Stories indexed with the term ‘homelessness’

County Issues Call for Winter Warming Space

The Washtenaw County office of community & economic development and the Washtenaw Housing Alliance are seeking suggestions for sites that can be used during the upcoming winter months as warming spaces for the homeless.

In a press release issued on Aug. 22, the OCED described a list of specifications needed for these sites [.pdf of press release]:

  • Include a single room to accommodate approximately 50 adults lying down on thick mats (approximately 1,500 square feet)
  • Be accessible to limited-mobility individuals
  • Have multiple, accessible bathrooms on site
  • Ideally equipped with showers and/or a kitchen prep space
  • Space should be available every night of the week (roughly 7 p.m. to 7 a.m.) minimally from January 1 to March 31, 2015 – with potential to begin earlier than … [Full Story]

Next Phase Starts to Help Homeless

The Washtenaw County board of commissioners has voted to accept the report and recommendations of a task force that’s been working on a funding strategy to help end homelessness. The board’s action – taken on July 9, 2014 – also sunsets that task force.

The leadership group for the Task Force on Sustainable Revenues for Supportive Housing Services to End Homelessness made a presentation at the board’s May 22, 2014 working session. Their recommendations include the goal of building a $50 million endowment over 20 years. Payouts from the endowment would fund supportive services – such as treatment for mental illness and substance abuse – with the intent of addressing the root causes of homelessness. The concept is called permanent supportive … [Full Story]

Task Force: Millage, Endowment for Housing

An ambitious plan to help the homeless – by creating 500 or more units of housing with support services, paid for through a millage and endowment fund – was presented to Washtenaw County commissioners at their May 22 working session.

Bob Guenzel, Mary Jo Callan, Norm Herbert, Washtenaw County, The Ann Arbor Chronicle

Former Washtenaw County administrator Bob Guenzel and Mary Jo Callan, director of the county’s office community & economic development, talk with former University of Michigan treasurer Norm Herbert before the start of the May 22, 2014 county board working session. Guenzel and Herbert are members of a task force on supportive housing. (Photos by the writer.)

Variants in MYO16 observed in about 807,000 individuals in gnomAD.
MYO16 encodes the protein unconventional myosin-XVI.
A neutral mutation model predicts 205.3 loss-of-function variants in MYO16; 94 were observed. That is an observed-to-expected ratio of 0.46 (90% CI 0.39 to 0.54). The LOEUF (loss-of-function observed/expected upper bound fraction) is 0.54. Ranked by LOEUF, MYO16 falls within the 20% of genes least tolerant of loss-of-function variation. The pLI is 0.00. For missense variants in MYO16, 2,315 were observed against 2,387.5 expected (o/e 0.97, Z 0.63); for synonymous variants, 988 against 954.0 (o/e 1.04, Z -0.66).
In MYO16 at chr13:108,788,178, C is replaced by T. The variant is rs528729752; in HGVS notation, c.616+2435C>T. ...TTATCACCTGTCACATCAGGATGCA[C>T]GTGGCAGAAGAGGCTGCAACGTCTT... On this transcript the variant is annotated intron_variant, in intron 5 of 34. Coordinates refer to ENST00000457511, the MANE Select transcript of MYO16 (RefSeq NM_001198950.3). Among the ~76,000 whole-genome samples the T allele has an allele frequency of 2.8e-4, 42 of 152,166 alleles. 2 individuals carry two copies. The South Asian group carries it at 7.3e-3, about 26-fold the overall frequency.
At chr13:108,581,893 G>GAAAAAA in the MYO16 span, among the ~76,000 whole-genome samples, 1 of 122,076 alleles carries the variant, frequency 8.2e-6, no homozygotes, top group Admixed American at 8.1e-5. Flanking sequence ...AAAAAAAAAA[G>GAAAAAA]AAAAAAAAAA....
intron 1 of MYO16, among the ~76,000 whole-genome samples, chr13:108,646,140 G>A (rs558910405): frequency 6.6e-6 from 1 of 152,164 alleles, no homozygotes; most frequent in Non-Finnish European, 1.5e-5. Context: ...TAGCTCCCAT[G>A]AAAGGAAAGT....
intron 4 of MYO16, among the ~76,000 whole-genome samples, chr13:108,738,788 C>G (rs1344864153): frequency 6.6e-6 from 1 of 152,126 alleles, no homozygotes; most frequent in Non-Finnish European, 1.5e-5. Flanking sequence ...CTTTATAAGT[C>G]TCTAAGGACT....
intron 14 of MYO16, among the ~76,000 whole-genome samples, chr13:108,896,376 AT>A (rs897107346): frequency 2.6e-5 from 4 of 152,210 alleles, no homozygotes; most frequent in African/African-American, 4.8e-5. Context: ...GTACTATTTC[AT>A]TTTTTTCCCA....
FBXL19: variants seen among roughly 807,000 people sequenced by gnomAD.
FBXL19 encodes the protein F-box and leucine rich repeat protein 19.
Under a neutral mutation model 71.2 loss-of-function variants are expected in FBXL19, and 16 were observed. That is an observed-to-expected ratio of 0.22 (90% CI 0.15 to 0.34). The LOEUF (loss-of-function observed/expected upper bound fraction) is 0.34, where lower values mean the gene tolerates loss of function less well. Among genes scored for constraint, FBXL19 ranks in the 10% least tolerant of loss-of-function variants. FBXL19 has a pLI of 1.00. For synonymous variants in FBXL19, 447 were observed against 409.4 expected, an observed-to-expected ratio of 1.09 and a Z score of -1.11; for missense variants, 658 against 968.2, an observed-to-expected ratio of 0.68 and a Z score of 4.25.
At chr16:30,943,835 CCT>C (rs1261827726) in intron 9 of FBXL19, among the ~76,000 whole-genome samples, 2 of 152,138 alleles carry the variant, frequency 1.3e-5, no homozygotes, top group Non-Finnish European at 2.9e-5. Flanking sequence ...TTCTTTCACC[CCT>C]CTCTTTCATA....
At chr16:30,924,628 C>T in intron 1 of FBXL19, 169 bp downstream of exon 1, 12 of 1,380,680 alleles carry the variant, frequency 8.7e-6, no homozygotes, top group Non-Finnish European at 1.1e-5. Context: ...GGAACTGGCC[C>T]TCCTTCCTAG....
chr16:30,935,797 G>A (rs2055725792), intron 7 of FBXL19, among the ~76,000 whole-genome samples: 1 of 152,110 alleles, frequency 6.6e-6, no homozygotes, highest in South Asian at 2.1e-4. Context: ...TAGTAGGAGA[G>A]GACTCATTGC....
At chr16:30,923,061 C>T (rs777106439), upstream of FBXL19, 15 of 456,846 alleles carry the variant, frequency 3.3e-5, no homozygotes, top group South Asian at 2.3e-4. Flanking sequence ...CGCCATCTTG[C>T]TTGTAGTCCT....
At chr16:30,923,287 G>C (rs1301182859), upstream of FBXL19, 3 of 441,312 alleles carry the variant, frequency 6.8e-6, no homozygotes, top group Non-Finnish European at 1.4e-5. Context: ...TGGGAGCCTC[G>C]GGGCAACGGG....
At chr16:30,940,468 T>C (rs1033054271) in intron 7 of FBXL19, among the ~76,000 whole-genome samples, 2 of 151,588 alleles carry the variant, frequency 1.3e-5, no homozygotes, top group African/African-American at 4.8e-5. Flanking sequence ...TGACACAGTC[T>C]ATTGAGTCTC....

The leadership team of the Task Force on Sustainable Revenues for Supportive Housing Services briefed commissioners on their recommendations, including the goal of building a $50 million endowment over 20 years. Payouts from the endowment would fund supportive services – such as treatment for mental illness and substance abuse – with the intent of addressing the root causes of homelessness. The concept is called permanent supportive housing, and is part of the community’s broader Blueprint to End Homelessness, which was created in 2004 and is being updated.

A possible millage – recommended at 0.25 mills, for no more than 20 years – would help fund supportive services while the endowment is built. County commissioners are being asked to consider putting such a millage on the ballot, possibly in 2015.

Former county administrator Bob Guenzel, a task force member, told commissioners that the task force believes this approach “is absolutely the right thing to do, to end homelessness and keep people housed. We feel very strongly about that. It’s a moral issue.” There’s also a strong business case for this approach when looking at the cost of emergency services and the criminal justice system, compared to the cost of permanent supportive housing, he said.

Several steps have already been taken to achieve these goals. An endowment was established in 2011, with $2.1 million in commitments so far. That amount includes a $1 million gift from the St. Joseph Mercy Health System to create the endowment, which is called the Sister Yvonne Gellise Fund for Supportive Services for Housing. Gellise is the former CEO of St. Joe’s. She’s on the task force and is a founding board member of the Washtenaw Housing Alliance. Another $1 million commitment comes from the Ann Arbor Area Community Foundation (AAACF), where the endowment is housed. AAACF Cheryl Elliott is another task force member. In addition, an anonymous donor has contributed $100,000.

The first fund distribution – of $26,100 – will be made this fall in a competitive grant process. AAACF’s distribution committee – an all-volunteer group – will be responsible for making grant recommendations.

AAACF is also helping provide a three-year, part-time development job to support fundraising for this endowment. Funding for the position will come from the Washtenaw Housing Alliance ($25,000), the AAACF ($5,000) and an anonymous donor ($10,000).